The Naked Civil Servant can be seen in select cinemas nationwide 28th May, 2017.

And is available on Blu-ray and DVD from 5th June. Distributed by Network.

Words by Claire Bueno

Saturday, 20 May 2017

Celebrating 40 Years of Abigail’s Party

Celebrating 40 years since the BBC broadcast of Abigail’s Party. Actress Alison Steadman OBE, and producer Margaret Mattheson reminisce about this wonderful play, and the wonderful experience making this cult classic.

I’m a lucky individual. I get to see films and then interview the filmmakers all about it, it really is the perfect job. And on Sunday, 14th May at the Arthouse cinema, Crouch End, following a screening of Abigail’s Party, I had the opportunity to exercise my passion.

“OK, you’re up,” said the duty manager.

I was so caught in conversation with Margaret Mattheson about the current state of television, I’d lost track of time, as we walked towards the screening room.

“Errr, but where’s Alison?”

“She’s on her way, she’s a little late.”

Well, that threw the interview I’d planned out the window. Time to follow Abigail’s Party director, Mike Leigh’s lead, and …. Improvise!

I made my apologies to the audience that our star, Alison Steadman was going to be joining us imminently and commenced with the Q&A.

“So, what was it about the play that attracted you in the first place?” OK. I confess to going into default mode.

The BBC producer began her answer, as the door flew open and in walked the tour de force that is, Alison Steadman.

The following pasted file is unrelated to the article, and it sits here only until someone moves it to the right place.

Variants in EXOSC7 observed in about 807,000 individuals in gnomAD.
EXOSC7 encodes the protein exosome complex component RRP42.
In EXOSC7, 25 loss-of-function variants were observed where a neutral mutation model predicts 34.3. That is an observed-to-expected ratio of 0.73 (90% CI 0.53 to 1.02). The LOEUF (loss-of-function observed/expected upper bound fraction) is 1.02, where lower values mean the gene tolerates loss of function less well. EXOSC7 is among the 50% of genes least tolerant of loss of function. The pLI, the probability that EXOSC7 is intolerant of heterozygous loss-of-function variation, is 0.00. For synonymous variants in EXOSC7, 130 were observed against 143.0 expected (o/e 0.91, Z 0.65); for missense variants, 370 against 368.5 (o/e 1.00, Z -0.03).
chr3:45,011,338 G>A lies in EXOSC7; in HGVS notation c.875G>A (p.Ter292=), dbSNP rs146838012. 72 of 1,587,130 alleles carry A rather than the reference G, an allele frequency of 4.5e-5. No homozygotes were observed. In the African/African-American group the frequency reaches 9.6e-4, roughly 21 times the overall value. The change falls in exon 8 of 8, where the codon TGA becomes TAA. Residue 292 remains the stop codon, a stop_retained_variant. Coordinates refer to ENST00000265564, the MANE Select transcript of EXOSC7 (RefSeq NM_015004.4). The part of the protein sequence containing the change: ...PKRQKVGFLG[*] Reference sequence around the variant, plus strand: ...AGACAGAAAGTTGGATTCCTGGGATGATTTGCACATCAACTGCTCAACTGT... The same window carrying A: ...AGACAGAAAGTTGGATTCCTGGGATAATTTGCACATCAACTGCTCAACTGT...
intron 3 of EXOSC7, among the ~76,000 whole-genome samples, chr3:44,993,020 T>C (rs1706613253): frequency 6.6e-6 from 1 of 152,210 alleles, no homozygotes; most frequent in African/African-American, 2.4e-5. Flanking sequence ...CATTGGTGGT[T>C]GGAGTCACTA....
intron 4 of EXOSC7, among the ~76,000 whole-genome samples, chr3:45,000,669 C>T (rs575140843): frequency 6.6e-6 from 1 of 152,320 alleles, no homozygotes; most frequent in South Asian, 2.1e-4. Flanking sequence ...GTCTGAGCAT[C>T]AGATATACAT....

“I’m so sorry,” she appealed to the audience.

She took her seat, and the Q&A could truly begin.
Claire Bueno interviews Alison Steadman & Margaret Mattheson
Alison picked up the question, and took us back to when they originally performed the play at the Hampstead Theatre.

The actors had no script, not in the traditional sense. Mike Leigh’s improvisational technique was such that that the five actors built their own characters, they were not allowed to talk about each other’s characters and on stage the performance was completely improvised.

I imagine thrilling and terrifying at the same time!

At the time the BBC broadcast a series called Play for Today. This series heralded plays that became series in their own right, such as Rumpole of the Bailey and Boys From The Black Stuff.

Margaret explained that Abigail’s Party’s broadcast happened serendipitously.

The play scheduled to film, fell through and they needed to fill in with another one; urgently. Cue Abigail’s Party.

Alison was pregnant at the time, which made recording this play even more time sensitive.

Margaret informed us that Abigail’s Party was filmed chronologically in three days, with a three camera set-up. They wouldn’t do it like that now.

Alison enlightened us that at the time the BBC worked to time. But the crew were so impressed by the performances and the quality of the work, they were happy to work through until 10pm.

On her character, the overpowering Beverly, Leigh had asked Alison, “What did Beverly do for a living?”

“She sells beauty products in a department store.”

So, as part of her preparation, Alison visited a department store in Essex and watched how the demonstrator, with a tiny microphone mouthpiece worked the crowd. Alison noted how the demonstrator picked out a girl in the audience with no make-up who would have the biggest transformation to impress her audience. And from this demonstrator, Beverly was created.

Having performed Beverly on stage and projecting to an audience, did Alison have to tone her down for TV?